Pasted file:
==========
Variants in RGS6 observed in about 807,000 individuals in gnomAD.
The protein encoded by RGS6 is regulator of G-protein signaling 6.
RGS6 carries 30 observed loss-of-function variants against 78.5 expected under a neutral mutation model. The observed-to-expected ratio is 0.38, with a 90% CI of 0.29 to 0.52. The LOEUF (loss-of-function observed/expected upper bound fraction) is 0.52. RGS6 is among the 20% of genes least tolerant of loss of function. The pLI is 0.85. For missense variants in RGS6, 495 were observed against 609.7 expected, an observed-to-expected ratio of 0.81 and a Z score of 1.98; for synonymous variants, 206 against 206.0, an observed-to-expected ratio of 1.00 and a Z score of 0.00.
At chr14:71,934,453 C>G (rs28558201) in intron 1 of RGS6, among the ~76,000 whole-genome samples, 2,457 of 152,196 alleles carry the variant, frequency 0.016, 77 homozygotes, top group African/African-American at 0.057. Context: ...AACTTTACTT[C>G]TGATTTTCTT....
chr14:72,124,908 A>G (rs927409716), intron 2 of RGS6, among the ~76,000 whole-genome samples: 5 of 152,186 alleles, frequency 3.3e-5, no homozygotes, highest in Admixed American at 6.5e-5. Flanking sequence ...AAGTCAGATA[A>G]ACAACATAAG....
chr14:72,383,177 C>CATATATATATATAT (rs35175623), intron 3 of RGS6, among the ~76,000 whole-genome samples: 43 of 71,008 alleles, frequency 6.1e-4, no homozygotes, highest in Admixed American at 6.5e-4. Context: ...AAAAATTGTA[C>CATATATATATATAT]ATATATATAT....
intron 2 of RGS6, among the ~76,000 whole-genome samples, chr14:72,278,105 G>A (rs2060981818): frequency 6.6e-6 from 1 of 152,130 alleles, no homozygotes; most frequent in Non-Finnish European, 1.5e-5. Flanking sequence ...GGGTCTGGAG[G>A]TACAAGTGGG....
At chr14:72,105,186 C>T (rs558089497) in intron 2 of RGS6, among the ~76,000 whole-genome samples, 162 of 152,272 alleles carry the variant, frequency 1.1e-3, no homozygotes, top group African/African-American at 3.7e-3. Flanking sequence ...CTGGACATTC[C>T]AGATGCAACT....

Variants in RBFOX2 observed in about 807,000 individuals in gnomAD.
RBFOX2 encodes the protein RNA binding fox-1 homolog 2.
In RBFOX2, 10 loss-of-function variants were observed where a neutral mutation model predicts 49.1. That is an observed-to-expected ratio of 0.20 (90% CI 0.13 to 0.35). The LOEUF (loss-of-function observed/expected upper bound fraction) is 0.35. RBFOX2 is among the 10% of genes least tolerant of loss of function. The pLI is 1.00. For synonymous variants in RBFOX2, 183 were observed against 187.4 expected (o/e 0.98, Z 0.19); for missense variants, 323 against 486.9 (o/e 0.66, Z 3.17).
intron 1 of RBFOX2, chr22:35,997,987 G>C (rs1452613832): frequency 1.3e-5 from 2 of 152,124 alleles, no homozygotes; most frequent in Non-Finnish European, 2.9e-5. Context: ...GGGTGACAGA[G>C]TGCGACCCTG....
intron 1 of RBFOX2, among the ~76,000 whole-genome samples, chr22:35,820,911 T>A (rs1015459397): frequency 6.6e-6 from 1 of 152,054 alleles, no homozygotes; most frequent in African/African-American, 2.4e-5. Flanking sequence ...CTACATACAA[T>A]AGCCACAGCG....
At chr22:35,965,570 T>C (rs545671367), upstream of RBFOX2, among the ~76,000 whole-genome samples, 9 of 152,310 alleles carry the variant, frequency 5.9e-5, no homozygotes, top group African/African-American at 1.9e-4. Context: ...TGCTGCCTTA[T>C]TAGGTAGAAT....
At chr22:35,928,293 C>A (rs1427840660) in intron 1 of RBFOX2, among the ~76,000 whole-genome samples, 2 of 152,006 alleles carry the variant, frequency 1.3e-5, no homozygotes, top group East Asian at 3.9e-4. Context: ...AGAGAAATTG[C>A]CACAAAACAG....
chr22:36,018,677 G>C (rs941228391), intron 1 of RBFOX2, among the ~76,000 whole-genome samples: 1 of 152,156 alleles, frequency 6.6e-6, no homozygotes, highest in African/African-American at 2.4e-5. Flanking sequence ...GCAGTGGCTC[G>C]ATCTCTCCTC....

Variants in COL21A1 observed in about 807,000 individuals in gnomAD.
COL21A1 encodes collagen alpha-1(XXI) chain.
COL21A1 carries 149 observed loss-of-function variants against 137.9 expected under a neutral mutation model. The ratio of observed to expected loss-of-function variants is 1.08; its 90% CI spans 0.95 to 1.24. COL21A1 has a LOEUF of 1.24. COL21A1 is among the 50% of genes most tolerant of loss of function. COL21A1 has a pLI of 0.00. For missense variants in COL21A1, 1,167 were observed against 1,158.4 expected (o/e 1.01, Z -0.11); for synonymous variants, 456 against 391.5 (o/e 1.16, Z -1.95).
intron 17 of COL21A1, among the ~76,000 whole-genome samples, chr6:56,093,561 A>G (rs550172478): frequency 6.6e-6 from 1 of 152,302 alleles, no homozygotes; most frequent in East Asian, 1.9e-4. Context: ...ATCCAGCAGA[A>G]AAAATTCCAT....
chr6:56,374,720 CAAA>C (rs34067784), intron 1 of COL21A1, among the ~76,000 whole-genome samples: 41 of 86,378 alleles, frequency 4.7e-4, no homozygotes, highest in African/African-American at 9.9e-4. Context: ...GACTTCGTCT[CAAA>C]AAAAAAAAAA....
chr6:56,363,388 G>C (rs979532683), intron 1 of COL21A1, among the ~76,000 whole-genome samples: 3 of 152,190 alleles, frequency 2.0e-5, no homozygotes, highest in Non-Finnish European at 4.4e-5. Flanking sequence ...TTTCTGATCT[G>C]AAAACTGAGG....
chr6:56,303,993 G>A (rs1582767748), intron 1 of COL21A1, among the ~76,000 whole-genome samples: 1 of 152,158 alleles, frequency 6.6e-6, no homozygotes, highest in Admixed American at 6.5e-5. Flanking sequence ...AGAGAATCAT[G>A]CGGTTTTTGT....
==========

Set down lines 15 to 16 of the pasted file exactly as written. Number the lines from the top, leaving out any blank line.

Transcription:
At chr22:35,928,293 C>A (rs1427840660) in intron 1 of RBFOX2, among the ~76,000 whole-genome samples, 2 of 152,006 alleles carry the variant, frequency 1.3e-5, no homozygotes, top group East Asian at 3.9e-4. Context: ...AGAGAAATTG[C>A]CACAAAACAG....
chr22:36,018,677 G>C (rs941228391), intron 1 of RBFOX2, among the ~76,000 whole-genome samples: 1 of 152,156 alleles, frequency 6.6e-6, no homozygotes, highest in African/African-American at 2.4e-5. Flanking sequence ...GCAGTGGCTC[G>C]ATCTCTCCTC....